This was the team that would locate Zarqawi.

The Interrogation Begins

The first major clue on the trail that led to Zarqawi came in February 2006, from a detainee Mike was questioning. The man had admitted his association with the “Anger Brigades,” a Sunni group loosely aligned with al-Qaeda. In a series of intense sessions that the other gators regarded as brilliant, Mike learned of residences in Yusufiya that the insurgent leadership sometimes used as safe houses. They were placed under heavy surveillance, and through a mid-April series of raids during which a number of suicide bombers were killed, a new crop of suspected mid-level al-Qaeda operatives was captured and delivered to Balad. It was on one of these raids that Task Force operatives found a videotape with outtakes from a recent Zarqawi press release, the one showing him wearing a black do-rag, a black shirt, and a suicide belt, and carrying an automatic rifle. The outtakes showed this fearsome terrorist fumbling awkwardly with the weapon and being instructed in its use by another man. The military released the new images in hopes of diminishing Zarqawi’s stature. What the Task Force didn’t realize when they discovered the tape was that Zarqawi himself was only one block away.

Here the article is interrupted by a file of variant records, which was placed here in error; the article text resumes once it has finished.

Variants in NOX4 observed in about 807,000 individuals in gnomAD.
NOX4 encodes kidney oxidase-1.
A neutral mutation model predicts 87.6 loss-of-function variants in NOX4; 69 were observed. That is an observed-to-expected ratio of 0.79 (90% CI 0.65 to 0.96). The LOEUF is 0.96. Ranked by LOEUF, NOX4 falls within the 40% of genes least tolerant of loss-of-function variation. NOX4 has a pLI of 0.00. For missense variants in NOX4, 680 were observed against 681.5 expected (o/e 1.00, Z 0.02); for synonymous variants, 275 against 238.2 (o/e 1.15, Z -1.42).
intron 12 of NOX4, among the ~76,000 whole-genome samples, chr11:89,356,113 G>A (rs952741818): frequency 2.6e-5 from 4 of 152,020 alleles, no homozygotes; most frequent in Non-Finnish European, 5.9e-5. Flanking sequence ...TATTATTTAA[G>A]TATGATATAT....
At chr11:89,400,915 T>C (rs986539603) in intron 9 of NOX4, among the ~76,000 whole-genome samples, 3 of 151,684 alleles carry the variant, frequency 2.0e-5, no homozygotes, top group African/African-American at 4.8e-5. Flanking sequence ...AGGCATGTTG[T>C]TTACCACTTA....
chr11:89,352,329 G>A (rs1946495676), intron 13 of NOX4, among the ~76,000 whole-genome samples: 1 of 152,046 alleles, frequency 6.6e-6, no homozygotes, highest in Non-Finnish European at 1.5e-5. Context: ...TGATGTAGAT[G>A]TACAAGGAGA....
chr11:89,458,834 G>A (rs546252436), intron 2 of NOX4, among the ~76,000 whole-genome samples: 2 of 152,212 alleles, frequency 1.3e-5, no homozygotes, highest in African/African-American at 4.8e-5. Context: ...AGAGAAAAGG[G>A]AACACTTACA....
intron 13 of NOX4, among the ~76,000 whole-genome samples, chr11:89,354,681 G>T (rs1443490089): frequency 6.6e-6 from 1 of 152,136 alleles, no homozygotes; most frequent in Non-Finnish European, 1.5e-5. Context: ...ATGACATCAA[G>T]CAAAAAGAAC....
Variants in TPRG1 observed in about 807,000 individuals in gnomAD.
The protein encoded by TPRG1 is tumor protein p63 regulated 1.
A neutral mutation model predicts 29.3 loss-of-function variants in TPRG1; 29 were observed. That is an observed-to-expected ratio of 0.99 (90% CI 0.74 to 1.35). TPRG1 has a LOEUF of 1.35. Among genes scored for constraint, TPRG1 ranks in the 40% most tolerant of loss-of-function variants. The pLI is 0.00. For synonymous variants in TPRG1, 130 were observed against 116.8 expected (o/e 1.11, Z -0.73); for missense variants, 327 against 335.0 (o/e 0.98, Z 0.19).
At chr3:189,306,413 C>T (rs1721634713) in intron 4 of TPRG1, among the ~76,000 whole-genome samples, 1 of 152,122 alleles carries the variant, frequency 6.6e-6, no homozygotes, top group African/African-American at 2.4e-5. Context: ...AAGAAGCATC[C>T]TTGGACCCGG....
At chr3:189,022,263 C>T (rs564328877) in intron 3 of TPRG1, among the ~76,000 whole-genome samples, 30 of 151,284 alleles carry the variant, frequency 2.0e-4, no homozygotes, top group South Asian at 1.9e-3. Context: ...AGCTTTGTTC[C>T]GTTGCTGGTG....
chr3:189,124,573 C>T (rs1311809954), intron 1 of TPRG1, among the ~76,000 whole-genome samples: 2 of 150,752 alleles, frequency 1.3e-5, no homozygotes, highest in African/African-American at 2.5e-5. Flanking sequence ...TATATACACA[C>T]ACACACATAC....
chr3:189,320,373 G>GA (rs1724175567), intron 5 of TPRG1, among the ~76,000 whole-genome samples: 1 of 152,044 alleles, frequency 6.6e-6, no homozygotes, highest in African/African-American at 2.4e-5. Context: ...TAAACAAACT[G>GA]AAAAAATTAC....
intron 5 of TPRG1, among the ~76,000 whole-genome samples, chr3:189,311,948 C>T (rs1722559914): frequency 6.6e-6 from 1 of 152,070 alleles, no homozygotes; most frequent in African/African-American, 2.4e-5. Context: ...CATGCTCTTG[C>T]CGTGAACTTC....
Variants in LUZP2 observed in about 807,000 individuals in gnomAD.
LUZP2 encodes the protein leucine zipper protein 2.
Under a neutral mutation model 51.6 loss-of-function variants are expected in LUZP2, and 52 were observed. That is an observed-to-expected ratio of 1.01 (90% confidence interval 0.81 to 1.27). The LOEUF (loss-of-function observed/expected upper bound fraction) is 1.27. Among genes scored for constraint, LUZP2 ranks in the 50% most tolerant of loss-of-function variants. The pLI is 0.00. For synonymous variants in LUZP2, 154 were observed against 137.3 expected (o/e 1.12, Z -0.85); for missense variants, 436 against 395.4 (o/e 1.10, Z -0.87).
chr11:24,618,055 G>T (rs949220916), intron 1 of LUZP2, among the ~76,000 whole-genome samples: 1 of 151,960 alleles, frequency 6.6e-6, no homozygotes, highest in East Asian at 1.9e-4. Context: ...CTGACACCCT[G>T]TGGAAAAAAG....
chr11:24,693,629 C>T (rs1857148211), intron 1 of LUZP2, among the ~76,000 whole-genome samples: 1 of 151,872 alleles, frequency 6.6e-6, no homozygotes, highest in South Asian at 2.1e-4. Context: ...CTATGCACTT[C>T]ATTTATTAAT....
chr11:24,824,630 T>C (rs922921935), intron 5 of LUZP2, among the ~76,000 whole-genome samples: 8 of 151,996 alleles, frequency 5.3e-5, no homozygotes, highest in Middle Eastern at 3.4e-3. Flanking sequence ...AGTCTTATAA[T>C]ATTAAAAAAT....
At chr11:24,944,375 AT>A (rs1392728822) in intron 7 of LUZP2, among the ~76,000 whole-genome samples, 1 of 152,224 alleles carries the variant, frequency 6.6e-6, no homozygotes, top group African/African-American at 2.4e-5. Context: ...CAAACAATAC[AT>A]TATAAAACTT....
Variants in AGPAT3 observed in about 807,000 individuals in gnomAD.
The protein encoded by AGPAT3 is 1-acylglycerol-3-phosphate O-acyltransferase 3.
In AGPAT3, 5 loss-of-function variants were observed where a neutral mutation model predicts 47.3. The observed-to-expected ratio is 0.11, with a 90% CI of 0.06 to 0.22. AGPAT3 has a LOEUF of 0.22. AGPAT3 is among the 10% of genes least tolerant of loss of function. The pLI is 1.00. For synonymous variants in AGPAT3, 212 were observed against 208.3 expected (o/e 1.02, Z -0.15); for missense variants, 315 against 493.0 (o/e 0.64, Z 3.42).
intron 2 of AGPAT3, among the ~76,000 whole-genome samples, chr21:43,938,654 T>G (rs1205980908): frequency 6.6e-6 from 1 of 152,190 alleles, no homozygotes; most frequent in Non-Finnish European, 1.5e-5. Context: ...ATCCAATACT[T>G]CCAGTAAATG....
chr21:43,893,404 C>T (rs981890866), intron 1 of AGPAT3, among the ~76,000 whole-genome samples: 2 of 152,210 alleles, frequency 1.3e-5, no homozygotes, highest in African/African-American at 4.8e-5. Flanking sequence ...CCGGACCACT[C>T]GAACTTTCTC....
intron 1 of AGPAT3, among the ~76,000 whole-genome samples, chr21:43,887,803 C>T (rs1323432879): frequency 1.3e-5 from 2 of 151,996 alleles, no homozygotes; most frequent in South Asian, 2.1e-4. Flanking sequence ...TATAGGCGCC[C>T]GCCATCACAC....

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Mark Bowden is an Atlantic national correspondent. His most recent book is The Finish: The Killing of Osama bin Laden. More

Mark BowdenMark Bowden is a national correspondent for The Atlantic, and a best-selling author. His book Black Hawk Down, a finalist for the National Book Award, was the basis of the film of the same name. His book Killing Pablo won the Overseas Press Club's 2001 Cornelius Ryan Award as the book of the year. Among his other books are Guests of the Ayatollah, an account of the 1979 Iran hostage crisis, which was listed by Newsweek as one of "The 50 Books for Our Times." His most recent books are The Best Game Ever, the story of the 1958 NFL championship game, and Worm, which tells the story of the Conficker computer worm, based on the article "The Enemy Within," published in this magazine.

Mark has received The Abraham Lincoln Literary Award and the International Thriller Writers' True Thriller Award for lifetime achievement, and served as a judge for the National Book Awards in 2005. He is a 1973 graduate of Loyola University Maryland, where he also taught from 2001-2010. A reporter and columnist for The Philadelphia Inquirer for more than 30 years, Bowden is now an adjunct professor at The University of Delaware and lives in Oxford, Pennsylvania. He is married with five children and two granddaughters.